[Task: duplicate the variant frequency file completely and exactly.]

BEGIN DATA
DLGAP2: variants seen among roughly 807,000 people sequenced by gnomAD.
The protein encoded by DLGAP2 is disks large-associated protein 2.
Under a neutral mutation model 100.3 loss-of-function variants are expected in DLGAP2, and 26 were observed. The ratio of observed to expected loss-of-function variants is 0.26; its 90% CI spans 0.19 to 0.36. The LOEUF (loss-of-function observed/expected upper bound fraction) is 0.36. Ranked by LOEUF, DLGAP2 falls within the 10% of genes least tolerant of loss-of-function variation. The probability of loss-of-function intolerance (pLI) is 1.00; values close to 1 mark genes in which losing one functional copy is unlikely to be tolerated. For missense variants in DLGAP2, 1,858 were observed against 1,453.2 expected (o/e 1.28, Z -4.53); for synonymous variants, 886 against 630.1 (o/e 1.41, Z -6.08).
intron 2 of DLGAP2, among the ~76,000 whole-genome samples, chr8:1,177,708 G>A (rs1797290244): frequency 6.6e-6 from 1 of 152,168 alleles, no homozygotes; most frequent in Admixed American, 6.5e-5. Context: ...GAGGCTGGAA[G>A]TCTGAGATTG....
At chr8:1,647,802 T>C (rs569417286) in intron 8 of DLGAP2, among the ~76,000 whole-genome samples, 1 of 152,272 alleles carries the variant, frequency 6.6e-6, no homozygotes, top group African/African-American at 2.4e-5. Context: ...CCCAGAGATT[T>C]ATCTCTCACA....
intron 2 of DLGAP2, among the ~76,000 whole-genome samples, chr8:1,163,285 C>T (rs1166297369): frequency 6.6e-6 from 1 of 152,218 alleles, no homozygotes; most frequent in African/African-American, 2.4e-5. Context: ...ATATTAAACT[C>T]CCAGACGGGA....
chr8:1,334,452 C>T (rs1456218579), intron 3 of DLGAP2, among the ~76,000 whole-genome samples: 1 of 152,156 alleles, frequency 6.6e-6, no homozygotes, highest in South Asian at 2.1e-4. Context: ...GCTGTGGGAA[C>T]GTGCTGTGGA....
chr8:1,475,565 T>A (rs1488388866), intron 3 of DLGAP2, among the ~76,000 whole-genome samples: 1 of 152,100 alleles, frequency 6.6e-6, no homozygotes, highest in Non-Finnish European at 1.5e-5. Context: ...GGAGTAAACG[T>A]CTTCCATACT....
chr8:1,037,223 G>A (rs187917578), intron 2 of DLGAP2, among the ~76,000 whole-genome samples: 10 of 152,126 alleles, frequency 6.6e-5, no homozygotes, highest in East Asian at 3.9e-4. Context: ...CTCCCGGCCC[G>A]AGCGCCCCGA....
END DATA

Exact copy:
DLGAP2: variants seen among roughly 807,000 people sequenced by gnomAD.
The protein encoded by DLGAP2 is disks large-associated protein 2.
Under a neutral mutation model 100.3 loss-of-function variants are expected in DLGAP2, and 26 were observed. The ratio of observed to expected loss-of-function variants is 0.26; its 90% CI spans 0.19 to 0.36. The LOEUF (loss-of-function observed/expected upper bound fraction) is 0.36. Ranked by LOEUF, DLGAP2 falls within the 10% of genes least tolerant of loss-of-function variation. The probability of loss-of-function intolerance (pLI) is 1.00; values close to 1 mark genes in which losing one functional copy is unlikely to be tolerated. For missense variants in DLGAP2, 1,858 were observed against 1,453.2 expected (o/e 1.28, Z -4.53); for synonymous variants, 886 against 630.1 (o/e 1.41, Z -6.08).
intron 2 of DLGAP2, among the ~76,000 whole-genome samples, chr8:1,177,708 G>A (rs1797290244): frequency 6.6e-6 from 1 of 152,168 alleles, no homozygotes; most frequent in Admixed American, 6.5e-5. Context: ...GAGGCTGGAA[G>A]TCTGAGATTG....
At chr8:1,647,802 T>C (rs569417286) in intron 8 of DLGAP2, among the ~76,000 whole-genome samples, 1 of 152,272 alleles carries the variant, frequency 6.6e-6, no homozygotes, top group African/African-American at 2.4e-5. Context: ...CCCAGAGATT[T>C]ATCTCTCACA....
intron 2 of DLGAP2, among the ~76,000 whole-genome samples, chr8:1,163,285 C>T (rs1166297369): frequency 6.6e-6 from 1 of 152,218 alleles, no homozygotes; most frequent in African/African-American, 2.4e-5. Context: ...ATATTAAACT[C>T]CCAGACGGGA....
chr8:1,334,452 C>T (rs1456218579), intron 3 of DLGAP2, among the ~76,000 whole-genome samples: 1 of 152,156 alleles, frequency 6.6e-6, no homozygotes, highest in South Asian at 2.1e-4. Context: ...GCTGTGGGAA[C>T]GTGCTGTGGA....
chr8:1,475,565 T>A (rs1488388866), intron 3 of DLGAP2, among the ~76,000 whole-genome samples: 1 of 152,100 alleles, frequency 6.6e-6, no homozygotes, highest in Non-Finnish European at 1.5e-5. Context: ...GGAGTAAACG[T>A]CTTCCATACT....
chr8:1,037,223 G>A (rs187917578), intron 2 of DLGAP2, among the ~76,000 whole-genome samples: 10 of 152,126 alleles, frequency 6.6e-5, no homozygotes, highest in East Asian at 3.9e-4. Context: ...CTCCCGGCCC[G>A]AGCGCCCCGA....